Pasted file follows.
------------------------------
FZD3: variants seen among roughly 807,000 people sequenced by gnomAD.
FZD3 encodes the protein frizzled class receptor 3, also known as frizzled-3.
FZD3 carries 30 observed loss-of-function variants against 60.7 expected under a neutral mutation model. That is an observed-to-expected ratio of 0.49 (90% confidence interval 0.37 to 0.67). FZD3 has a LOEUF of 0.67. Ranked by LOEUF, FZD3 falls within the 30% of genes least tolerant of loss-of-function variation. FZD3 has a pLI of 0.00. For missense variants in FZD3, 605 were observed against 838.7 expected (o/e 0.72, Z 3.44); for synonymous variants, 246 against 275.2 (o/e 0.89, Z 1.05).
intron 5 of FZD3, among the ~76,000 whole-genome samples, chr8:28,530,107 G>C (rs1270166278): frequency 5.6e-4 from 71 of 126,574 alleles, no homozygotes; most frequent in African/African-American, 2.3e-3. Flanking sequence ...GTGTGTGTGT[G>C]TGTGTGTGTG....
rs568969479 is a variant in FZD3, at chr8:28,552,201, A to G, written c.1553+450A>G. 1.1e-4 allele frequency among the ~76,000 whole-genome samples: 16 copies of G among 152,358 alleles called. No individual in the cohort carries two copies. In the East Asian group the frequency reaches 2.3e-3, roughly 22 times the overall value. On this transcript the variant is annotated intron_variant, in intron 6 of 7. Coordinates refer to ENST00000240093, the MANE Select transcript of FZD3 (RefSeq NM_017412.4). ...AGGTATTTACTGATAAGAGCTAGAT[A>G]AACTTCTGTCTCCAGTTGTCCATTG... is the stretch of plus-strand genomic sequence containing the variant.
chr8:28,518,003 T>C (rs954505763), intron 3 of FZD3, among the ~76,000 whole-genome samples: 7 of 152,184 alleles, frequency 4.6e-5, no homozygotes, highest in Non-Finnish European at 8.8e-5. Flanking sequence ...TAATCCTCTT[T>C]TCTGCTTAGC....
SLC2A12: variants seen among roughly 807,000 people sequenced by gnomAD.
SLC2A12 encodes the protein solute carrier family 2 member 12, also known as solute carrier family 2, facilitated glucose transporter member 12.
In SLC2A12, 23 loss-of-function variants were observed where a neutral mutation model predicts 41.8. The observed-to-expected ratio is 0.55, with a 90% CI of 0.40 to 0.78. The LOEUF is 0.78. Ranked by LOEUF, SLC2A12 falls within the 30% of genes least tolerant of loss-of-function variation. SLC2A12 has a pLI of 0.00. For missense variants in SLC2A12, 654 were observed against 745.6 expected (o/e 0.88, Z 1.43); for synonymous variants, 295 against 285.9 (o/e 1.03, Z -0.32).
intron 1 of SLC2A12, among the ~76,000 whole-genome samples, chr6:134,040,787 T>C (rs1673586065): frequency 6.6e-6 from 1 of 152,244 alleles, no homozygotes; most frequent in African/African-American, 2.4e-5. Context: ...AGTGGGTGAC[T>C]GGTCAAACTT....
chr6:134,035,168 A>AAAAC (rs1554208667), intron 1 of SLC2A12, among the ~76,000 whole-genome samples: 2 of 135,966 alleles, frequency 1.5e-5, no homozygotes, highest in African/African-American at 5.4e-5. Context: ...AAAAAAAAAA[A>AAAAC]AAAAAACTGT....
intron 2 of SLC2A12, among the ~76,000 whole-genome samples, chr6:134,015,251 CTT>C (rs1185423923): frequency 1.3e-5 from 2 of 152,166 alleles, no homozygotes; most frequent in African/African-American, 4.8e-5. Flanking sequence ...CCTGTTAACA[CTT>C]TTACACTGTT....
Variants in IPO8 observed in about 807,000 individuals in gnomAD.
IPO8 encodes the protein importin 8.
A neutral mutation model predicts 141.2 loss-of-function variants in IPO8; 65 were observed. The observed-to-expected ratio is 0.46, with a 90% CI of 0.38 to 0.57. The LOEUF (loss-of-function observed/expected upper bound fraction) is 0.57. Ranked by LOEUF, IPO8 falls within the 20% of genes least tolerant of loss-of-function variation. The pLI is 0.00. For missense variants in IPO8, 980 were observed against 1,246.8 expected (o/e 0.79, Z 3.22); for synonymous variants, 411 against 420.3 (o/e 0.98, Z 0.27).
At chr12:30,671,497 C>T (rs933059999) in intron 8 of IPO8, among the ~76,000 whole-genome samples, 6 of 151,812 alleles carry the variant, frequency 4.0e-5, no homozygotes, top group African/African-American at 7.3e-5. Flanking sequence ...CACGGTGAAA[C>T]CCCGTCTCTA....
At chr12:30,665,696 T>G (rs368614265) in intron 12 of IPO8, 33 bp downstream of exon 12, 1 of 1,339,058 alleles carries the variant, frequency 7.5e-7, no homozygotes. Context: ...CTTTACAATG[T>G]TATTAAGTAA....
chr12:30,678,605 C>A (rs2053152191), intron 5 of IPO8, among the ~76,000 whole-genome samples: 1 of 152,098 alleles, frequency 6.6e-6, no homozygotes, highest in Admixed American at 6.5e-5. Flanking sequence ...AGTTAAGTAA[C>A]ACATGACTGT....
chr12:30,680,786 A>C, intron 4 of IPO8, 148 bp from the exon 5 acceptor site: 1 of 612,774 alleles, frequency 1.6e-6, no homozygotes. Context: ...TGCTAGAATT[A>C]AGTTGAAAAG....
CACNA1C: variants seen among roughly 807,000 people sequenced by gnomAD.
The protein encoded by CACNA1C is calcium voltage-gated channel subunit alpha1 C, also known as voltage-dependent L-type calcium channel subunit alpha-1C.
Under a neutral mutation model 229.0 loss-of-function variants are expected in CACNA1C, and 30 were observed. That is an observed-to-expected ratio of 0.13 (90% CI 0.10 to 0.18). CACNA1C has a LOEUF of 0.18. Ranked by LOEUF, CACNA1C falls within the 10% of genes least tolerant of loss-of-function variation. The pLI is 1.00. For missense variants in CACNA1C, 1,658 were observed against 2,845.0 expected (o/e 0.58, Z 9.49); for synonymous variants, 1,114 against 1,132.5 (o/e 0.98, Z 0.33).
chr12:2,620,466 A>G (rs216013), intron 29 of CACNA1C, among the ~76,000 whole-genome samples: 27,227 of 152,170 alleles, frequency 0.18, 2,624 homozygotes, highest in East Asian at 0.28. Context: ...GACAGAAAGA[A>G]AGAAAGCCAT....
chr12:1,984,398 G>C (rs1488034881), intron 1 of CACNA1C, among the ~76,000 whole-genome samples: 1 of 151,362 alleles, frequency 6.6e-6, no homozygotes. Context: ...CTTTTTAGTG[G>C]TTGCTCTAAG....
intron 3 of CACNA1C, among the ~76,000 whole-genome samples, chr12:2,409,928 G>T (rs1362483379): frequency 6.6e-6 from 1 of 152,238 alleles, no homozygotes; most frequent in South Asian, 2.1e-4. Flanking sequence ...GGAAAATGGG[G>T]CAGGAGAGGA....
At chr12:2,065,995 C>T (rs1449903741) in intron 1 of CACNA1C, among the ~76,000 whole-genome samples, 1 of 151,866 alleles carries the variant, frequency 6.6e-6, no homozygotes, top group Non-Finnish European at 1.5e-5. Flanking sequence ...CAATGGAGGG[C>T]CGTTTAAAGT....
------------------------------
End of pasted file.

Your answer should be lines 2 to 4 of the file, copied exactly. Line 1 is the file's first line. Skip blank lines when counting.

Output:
FZD3 encodes the protein frizzled class receptor 3, also known as frizzled-3.
FZD3 carries 30 observed loss-of-function variants against 60.7 expected under a neutral mutation model. That is an observed-to-expected ratio of 0.49 (90% confidence interval 0.37 to 0.67). FZD3 has a LOEUF of 0.67. Ranked by LOEUF, FZD3 falls within the 30% of genes least tolerant of loss-of-function variation. FZD3 has a pLI of 0.00. For missense variants in FZD3, 605 were observed against 838.7 expected (o/e 0.72, Z 3.44); for synonymous variants, 246 against 275.2 (o/e 0.89, Z 1.05).
intron 5 of FZD3, among the ~76,000 whole-genome samples, chr8:28,530,107 G>C (rs1270166278): frequency 5.6e-4 from 71 of 126,574 alleles, no homozygotes; most frequent in African/African-American, 2.3e-3. Flanking sequence ...GTGTGTGTGT[G>C]TGTGTGTGTG....